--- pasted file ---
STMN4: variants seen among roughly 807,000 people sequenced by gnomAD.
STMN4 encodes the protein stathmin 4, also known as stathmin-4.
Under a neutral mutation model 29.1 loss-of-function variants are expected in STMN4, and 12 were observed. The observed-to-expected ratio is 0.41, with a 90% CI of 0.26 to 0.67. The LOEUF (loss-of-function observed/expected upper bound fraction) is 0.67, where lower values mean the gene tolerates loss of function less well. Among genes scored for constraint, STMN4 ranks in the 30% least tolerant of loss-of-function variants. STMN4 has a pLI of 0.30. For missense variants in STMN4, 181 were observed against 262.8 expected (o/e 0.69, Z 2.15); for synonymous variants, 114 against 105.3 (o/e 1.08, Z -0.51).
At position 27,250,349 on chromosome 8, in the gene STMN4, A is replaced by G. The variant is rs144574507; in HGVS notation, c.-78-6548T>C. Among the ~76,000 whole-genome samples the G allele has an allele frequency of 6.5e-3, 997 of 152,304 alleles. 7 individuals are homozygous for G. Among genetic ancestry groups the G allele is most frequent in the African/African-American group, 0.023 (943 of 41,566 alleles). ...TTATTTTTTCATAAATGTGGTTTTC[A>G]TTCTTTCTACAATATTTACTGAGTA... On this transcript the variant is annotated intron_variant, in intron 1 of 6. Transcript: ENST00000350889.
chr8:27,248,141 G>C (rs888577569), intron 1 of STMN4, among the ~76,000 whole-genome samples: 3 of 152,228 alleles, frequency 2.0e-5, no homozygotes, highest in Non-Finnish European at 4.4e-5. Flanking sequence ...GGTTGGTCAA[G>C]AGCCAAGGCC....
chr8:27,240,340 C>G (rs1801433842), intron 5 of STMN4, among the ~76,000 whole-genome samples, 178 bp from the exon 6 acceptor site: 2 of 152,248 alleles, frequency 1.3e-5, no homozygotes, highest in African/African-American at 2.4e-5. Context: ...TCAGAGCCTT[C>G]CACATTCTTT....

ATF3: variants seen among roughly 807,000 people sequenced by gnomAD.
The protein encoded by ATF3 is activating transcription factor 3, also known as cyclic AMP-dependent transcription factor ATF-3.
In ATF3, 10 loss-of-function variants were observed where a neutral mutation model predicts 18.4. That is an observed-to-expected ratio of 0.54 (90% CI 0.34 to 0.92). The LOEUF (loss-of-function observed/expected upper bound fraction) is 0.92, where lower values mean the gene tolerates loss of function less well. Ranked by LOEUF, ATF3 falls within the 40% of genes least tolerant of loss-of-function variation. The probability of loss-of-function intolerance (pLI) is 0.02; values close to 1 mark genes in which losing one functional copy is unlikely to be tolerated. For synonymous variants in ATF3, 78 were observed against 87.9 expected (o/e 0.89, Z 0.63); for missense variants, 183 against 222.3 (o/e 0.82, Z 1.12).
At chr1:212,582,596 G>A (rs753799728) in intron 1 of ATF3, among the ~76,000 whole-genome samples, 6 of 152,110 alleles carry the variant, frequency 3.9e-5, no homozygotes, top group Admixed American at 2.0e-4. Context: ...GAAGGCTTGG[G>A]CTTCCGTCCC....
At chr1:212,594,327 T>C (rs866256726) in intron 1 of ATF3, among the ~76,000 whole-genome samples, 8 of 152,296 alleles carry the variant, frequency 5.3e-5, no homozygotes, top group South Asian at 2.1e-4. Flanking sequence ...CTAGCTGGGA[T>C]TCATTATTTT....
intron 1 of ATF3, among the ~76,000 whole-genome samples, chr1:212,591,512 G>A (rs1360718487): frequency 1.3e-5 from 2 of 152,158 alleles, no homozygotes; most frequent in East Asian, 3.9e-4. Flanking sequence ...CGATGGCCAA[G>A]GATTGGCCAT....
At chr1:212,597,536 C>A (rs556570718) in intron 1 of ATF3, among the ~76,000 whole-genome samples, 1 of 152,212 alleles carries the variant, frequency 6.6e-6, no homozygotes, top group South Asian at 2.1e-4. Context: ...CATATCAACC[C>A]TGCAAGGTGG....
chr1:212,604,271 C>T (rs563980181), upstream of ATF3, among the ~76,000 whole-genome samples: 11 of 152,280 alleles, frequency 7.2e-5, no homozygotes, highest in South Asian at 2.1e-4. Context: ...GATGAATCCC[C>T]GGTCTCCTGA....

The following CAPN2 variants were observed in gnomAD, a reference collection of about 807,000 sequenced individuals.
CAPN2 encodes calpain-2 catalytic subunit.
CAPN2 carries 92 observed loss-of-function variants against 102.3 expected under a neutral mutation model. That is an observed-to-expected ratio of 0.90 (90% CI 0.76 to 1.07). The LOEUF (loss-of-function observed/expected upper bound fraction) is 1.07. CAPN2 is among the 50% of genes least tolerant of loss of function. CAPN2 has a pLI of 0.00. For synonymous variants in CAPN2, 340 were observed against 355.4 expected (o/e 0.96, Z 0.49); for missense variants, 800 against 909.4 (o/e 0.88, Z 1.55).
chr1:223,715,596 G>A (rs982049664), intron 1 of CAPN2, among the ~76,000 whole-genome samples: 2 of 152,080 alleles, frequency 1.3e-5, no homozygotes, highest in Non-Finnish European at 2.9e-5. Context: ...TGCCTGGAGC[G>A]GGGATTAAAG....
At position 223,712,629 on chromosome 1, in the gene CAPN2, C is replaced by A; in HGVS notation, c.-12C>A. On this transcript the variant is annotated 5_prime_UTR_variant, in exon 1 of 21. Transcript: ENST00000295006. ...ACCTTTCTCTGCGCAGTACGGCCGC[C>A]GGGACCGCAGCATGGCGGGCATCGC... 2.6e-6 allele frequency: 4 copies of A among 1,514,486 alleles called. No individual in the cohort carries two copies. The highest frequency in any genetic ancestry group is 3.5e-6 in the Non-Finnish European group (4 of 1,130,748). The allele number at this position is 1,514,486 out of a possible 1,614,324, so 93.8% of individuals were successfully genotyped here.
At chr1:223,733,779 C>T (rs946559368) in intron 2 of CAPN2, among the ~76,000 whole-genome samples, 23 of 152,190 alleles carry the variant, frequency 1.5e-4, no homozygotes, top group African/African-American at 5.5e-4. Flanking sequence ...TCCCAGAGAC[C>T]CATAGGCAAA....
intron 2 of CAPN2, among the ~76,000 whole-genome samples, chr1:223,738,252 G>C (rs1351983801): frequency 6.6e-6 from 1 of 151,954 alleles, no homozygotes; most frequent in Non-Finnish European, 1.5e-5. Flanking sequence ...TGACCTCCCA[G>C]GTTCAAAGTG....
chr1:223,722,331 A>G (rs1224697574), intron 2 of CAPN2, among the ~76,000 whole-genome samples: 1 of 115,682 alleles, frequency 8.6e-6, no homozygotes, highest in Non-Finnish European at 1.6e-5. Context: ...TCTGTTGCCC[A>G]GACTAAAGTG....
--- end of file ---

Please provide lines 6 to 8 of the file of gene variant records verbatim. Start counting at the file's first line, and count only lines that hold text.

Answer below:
chr8:27,240,340 C>G (rs1801433842), intron 5 of STMN4, among the ~76,000 whole-genome samples, 178 bp from the exon 6 acceptor site: 2 of 152,248 alleles, frequency 1.3e-5, no homozygotes, highest in African/African-American at 2.4e-5. Context: ...TCAGAGCCTT[C>G]CACATTCTTT....

ATF3: variants seen among roughly 807,000 people sequenced by gnomAD.
The protein encoded by ATF3 is activating transcription factor 3, also known as cyclic AMP-dependent transcription factor ATF-3.